Local universities battle offering science, tech courses

Namibian universities are struggling to acquire the adequate equipment, facilities and specialised expertise to offer science and technology courses.

National Commission on Research, Science and Technology (NCRST) chief executive Anicia Peters says the fast-changing demands in especially digital technology fields create barriers, meaning curricula have to be adapted speedily.

“A case in point is the various subfields of AI and other emerging digital technologies. AI needs computing facilities, for which the cost of energy and infrastructure is quite high and specialised skills are necessary,” she says.

Peters says science labs also require specialised expensive equipment and need to be maintained at all times.

The minister of higher education, technology and innovation, Itah Kandjii-Murangi says offering some Stem programmes requires institutions of higher learning to have adequate infrastructure for teaching and learning, qualified academic staff members, and adherence to admission requirements.

Kandjii-Murangi admits that Namibia has a lack of adequate infrastructure, dedicated and or qualified staff members, and software.
She says non-adherence to admission requirements is another challenge and sometimes students are over-admitted to degree programmes with limited lab facilities.

“I call on the National Council for Higher Education (NCHE) to be supported by both the students and the general public to ensure that private institutions of higher learning are registered accordingly and offer appropriate degree programmes as per the set standards,” she says.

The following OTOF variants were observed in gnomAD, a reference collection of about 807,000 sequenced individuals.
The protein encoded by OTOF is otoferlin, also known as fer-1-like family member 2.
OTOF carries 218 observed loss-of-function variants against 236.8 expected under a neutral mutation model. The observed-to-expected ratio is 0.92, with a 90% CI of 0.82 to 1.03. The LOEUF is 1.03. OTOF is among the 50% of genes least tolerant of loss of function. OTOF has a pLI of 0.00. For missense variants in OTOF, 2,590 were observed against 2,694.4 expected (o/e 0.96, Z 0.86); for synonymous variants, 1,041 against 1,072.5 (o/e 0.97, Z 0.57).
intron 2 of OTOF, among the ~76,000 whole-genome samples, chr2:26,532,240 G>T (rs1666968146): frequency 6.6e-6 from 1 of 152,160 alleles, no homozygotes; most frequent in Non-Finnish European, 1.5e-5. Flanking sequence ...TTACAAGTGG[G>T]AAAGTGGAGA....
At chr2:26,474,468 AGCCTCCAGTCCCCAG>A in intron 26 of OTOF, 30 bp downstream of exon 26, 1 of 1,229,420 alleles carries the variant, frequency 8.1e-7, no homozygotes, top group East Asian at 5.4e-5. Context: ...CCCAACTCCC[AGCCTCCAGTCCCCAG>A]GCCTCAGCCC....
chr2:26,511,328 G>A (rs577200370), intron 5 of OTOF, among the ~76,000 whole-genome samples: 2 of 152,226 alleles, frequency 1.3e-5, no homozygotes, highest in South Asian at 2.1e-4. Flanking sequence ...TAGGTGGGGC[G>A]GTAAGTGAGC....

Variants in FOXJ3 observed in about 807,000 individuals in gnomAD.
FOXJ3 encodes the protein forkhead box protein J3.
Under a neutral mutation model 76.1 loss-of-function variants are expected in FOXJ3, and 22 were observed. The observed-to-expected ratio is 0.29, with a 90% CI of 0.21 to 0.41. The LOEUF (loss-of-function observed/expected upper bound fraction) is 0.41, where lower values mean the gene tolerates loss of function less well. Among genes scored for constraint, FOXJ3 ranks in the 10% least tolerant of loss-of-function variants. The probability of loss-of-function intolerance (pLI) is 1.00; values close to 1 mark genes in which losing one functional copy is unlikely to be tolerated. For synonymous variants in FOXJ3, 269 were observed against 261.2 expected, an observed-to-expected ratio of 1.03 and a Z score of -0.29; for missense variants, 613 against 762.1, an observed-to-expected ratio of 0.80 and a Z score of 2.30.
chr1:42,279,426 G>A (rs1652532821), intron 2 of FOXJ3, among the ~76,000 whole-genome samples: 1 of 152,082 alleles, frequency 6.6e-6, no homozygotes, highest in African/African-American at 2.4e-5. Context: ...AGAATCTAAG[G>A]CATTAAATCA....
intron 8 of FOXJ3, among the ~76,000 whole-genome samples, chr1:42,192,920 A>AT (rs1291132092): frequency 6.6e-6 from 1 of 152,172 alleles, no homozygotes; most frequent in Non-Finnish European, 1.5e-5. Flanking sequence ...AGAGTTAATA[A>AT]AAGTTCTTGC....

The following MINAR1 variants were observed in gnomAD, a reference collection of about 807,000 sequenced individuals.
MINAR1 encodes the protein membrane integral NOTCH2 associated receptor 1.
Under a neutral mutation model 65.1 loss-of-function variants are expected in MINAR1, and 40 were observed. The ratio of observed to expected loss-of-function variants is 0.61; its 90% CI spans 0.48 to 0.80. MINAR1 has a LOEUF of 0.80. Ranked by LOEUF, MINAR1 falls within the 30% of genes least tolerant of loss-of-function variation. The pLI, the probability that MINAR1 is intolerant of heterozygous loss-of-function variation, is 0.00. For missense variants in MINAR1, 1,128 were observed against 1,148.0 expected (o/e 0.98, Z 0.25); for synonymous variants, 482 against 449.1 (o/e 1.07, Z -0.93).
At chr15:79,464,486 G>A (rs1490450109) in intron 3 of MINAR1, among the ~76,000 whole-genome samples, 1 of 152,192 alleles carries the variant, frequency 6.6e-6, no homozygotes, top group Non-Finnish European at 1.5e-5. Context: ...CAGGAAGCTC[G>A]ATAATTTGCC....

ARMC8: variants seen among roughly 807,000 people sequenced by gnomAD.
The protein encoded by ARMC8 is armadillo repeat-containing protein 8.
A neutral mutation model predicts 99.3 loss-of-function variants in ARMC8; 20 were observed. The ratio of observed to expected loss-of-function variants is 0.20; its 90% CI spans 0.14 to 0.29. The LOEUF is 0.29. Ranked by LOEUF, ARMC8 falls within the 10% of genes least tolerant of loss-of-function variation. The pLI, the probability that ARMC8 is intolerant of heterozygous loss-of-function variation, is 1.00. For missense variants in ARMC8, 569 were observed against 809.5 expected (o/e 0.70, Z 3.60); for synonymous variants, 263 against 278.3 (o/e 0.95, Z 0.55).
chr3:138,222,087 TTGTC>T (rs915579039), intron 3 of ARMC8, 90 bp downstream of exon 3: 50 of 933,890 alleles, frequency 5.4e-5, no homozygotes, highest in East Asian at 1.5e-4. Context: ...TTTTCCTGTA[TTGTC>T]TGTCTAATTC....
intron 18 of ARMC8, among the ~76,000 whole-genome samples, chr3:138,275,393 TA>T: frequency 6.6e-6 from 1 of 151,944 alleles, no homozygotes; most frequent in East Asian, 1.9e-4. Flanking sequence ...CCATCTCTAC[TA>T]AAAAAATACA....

Itah Kandjii-Murangi


Kandjii-Murangi says the Namibia University of Science and Technology (Nust) has increased its mandate to enrol more students in Stem courses as opposed to general qualifications.

More can, however, be done to increase enrolment rates in these fields and to introduce courses such as agricultural, mining and water technology development, neuroscience, nanotechnology, mano medicine, fully accredited maritime engineering, space science and technology, artificial intelligence and machine learning, she says.

“These fields are highly relevant to the current trends and socio-economic advancement of our country,” she says.

Kandjii-Murangi says the University of Nambia (Unam) has also elevated its Stem programmes to cater for the greater visibility of its postgraduate programmes.

This has highly contributed to the current discoveries in medicine, agricultural technology development and mining industries and has elevated Namibia’s global recognition on research and development, the minister says.

Peters says the NCRST is conducting a national research infrastructure survey aiming to record the types of equipment and other infrastructure in the country.

She says the commission provides research and innovation grants which include equipment.

“However, the NCRST is underfunded and can only offer limited support,” Peters says.

George Simataa


This follows after the secretary to the Cabinet, George Simataa, in a recent press release said offering accredited science and technology programmes has proven to be difficult for private higher education institutions due to a lack of adequate infrastructure, dedicated staff members, software and the non-adherence to admission requirements.

Last week Simataa came under fire for saying the NCHE should ensure tertiary institutions offer courses in line with their mandates.
He called on the NCHE to ensure institutions of higher learning are registered accordingly.

The minister says the government has institutions such as NCHE, the Namibia Qualificatins Authority and the Namibia Training Authority on Technical and Vocational Education and Training to regulate institutions of higher learning.

“The ministry will continue to work closely with the general public to identify gaps and best practices and to close any gaps hindering quality education,” Kandjii-Murangi says.

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